Elaine Jones's Gallery
Gallery About the Artist
My thanks to Ian Unwin for his amazing reference photograph. A magnificent Sumatran tiger charges towards us through the jungle undergrowth in this pastel painting. Sumatran tigers are the smallest of the five tiger subspecies and have narrow stripes. They are critically endangered, with a wild population of as few as 400 individuals. This pastel painting was created using Panpastels and pastel pencils on Pastelmat board.
Reference photographs by kind permission of Nicole Jenkins. (Please note, watermark does not appear on original drawing or prints.) The rainbow lorikeet is a medium sized member of the parrot family native to Australia, Indonesia and Papua New Guinea. They feed on pollen, nectar, fruit, seeds and insects. These colourful, characterful birds live in small, noisy groups and spend most of their time in the trees. Males and females have identical plumage and can live between 10 and 20 years. Prismacolor Premier pencils on Clairefontaine Pastelmat paper. Image measures approximately 12" x 9.5" (30cm x 24cm), unframed.
F4 Phantom Landing
Original unframed pastel painting by Elaine Jones, 19.5" x 13.5" (50cm x 35cm) on Pastelmat board. My thanks to Ian Murdoch for the amazing reference photograph. (Please note watermarks do not appear on original painting or prints.) A Phantom returns to base at Lossiemouth in Scotland, its yellow brake chute streaming behind.
F15 Eagle Flying Low in the Welsh Valleys
Original unframed oil painting by Elaine Jones, 18" x 14" (45cm x 35cm approx), oil on canvas board. Aircraft reference photograph by kind permission of Ian Murdoch. (Please note watermarks do not appear on original painting or prints.) An F15 Eagle of the USAF's "Grim Reapers" squadron based at RAF Lakenheath approaches Tal-y-Llyn in the Welsh valleys around Cadair Idris, a low-flying area often known as the Mach Loop.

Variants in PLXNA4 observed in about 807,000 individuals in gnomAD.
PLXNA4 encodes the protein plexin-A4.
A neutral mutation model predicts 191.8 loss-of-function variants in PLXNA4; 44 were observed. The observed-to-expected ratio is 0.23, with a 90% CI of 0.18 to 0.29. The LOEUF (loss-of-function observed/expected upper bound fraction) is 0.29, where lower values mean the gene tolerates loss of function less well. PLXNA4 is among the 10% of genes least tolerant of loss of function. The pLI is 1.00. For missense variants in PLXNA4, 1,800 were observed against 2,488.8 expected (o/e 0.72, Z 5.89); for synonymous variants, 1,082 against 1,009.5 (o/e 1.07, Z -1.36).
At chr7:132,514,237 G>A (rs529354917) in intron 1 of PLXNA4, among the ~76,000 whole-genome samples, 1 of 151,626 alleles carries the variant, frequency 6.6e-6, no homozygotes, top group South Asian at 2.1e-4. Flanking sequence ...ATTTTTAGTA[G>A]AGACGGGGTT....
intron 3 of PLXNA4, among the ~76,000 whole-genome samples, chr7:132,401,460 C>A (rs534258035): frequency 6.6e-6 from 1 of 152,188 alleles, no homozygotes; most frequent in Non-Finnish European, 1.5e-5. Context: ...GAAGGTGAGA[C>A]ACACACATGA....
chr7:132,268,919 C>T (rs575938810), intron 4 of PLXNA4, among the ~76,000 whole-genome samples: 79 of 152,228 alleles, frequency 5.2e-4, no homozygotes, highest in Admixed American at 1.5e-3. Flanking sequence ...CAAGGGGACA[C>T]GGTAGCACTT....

Jackdaw Gold Heist (Limited edition print)
Reference photograph of this cheeky jackdaw by kind permission of Bob Barton. The pose was just perfect for a picture I had in mind of a bird stealing from my jewellery box. Image size approximately 11" x 14" (28cm x 35cm) plus a 1" white border around the image to allow for framing. Prints are individually signed and numbered (only 50 available) and come with a certificate of authenticity. Prints are produced on acid-free papers using archival inks to guarantee that they last a lifetime without fading.
Pencil drawing of Bristol Blenheim flying above the clouds. The Bristol Blenheim was a British light bomber built by the Bristol Aeroplane Company and used in the early years of the Second World War. The all-metal aircraft was powered by Bristol Mercury radial engines and carried a crew of three. Many thanks to my son, Martin Jones, for the reference photograph.
Great Horned Owl
A great horned owl peers from amongst the white oak foliage - perhaps getting ready to settle down to rest after a night's hunting. My thanks to Jennie Norris for the reference photograph of the owl. Widely distributed in the Americas, the Great Horned Owl (Bubo virginianus) is also known as the tiger owl or hoot owl. It is the second heaviest owl in North America, after the snowy owl, and its well-camouflaged plumage varies considerably across its range. The large, powerful talons are capable of exerting 300 pounds of pressure per square inch. Those tufts of feathers that give rise to the species' name are thought to be used to give visual cues when interacting with other owls. This original pencil drawing by Elaine Jones was made with Faber Castell Polychromos, Caran d'Ache Pablo and Luminance pencils on Clairefontaine Pastelmat paper. Image measures approximately 37cm x 29cm, unframed.
My thanks to Isabel Morelli for the reference photograph. "Don't ruffle my feathers"! one blue and yellow macaw seems to be saying to the other in this pencil painting by Elaine Jones. The blue and yellow, or blue and gold macaw, ara ararauna, is native to tropical South American woodland and can grow to 30-34 inches and a weight of 2 or 3 pounds. These large, long-lived members of the parrot family are widespread in much of South America and are popular as pets because of their brilliant plumage, intelligence and ability to talk. In the wild they nest in dead palm trees and pairs usually mate for life, often reaching an age of 30-35 years. This original pencil painting is presented in a cream mount/matte ready for framing. (Image size approx. 29cm x 21cm" - external size 35cm x 28cm)